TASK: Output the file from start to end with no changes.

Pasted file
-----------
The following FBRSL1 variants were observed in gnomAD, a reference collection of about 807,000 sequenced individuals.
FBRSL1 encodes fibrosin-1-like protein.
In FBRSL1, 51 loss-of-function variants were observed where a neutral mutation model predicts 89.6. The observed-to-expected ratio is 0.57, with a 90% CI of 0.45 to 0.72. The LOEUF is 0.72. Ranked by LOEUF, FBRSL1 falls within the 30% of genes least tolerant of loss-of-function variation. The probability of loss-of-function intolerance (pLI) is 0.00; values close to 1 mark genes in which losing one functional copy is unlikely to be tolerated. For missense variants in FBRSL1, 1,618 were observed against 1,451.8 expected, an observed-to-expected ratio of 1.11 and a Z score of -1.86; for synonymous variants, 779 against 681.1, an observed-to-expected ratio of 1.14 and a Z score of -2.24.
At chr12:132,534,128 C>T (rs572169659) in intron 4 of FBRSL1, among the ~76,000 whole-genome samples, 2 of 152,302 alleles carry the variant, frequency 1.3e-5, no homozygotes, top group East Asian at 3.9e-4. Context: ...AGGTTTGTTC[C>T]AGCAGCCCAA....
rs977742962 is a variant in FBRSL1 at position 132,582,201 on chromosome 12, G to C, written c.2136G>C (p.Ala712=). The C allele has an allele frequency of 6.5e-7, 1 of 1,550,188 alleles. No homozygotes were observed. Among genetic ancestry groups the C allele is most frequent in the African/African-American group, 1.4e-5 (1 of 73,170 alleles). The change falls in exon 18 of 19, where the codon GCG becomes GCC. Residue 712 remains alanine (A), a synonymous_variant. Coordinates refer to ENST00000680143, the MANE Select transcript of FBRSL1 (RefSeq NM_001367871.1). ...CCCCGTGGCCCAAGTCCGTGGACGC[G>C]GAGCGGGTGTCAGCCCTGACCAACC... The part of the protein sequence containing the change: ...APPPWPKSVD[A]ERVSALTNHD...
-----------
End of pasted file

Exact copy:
The following FBRSL1 variants were observed in gnomAD, a reference collection of about 807,000 sequenced individuals.
FBRSL1 encodes fibrosin-1-like protein.
In FBRSL1, 51 loss-of-function variants were observed where a neutral mutation model predicts 89.6. The observed-to-expected ratio is 0.57, with a 90% CI of 0.45 to 0.72. The LOEUF is 0.72. Ranked by LOEUF, FBRSL1 falls within the 30% of genes least tolerant of loss-of-function variation. The probability of loss-of-function intolerance (pLI) is 0.00; values close to 1 mark genes in which losing one functional copy is unlikely to be tolerated. For missense variants in FBRSL1, 1,618 were observed against 1,451.8 expected, an observed-to-expected ratio of 1.11 and a Z score of -1.86; for synonymous variants, 779 against 681.1, an observed-to-expected ratio of 1.14 and a Z score of -2.24.
At chr12:132,534,128 C>T (rs572169659) in intron 4 of FBRSL1, among the ~76,000 whole-genome samples, 2 of 152,302 alleles carry the variant, frequency 1.3e-5, no homozygotes, top group East Asian at 3.9e-4. Context: ...AGGTTTGTTC[C>T]AGCAGCCCAA....
rs977742962 is a variant in FBRSL1 at position 132,582,201 on chromosome 12, G to C, written c.2136G>C (p.Ala712=). The C allele has an allele frequency of 6.5e-7, 1 of 1,550,188 alleles. No homozygotes were observed. Among genetic ancestry groups the C allele is most frequent in the African/African-American group, 1.4e-5 (1 of 73,170 alleles). The change falls in exon 18 of 19, where the codon GCG becomes GCC. Residue 712 remains alanine (A), a synonymous_variant. Coordinates refer to ENST00000680143, the MANE Select transcript of FBRSL1 (RefSeq NM_001367871.1). ...CCCCGTGGCCCAAGTCCGTGGACGC[G>C]GAGCGGGTGTCAGCCCTGACCAACC... The part of the protein sequence containing the change: ...APPPWPKSVD[A]ERVSALTNHD...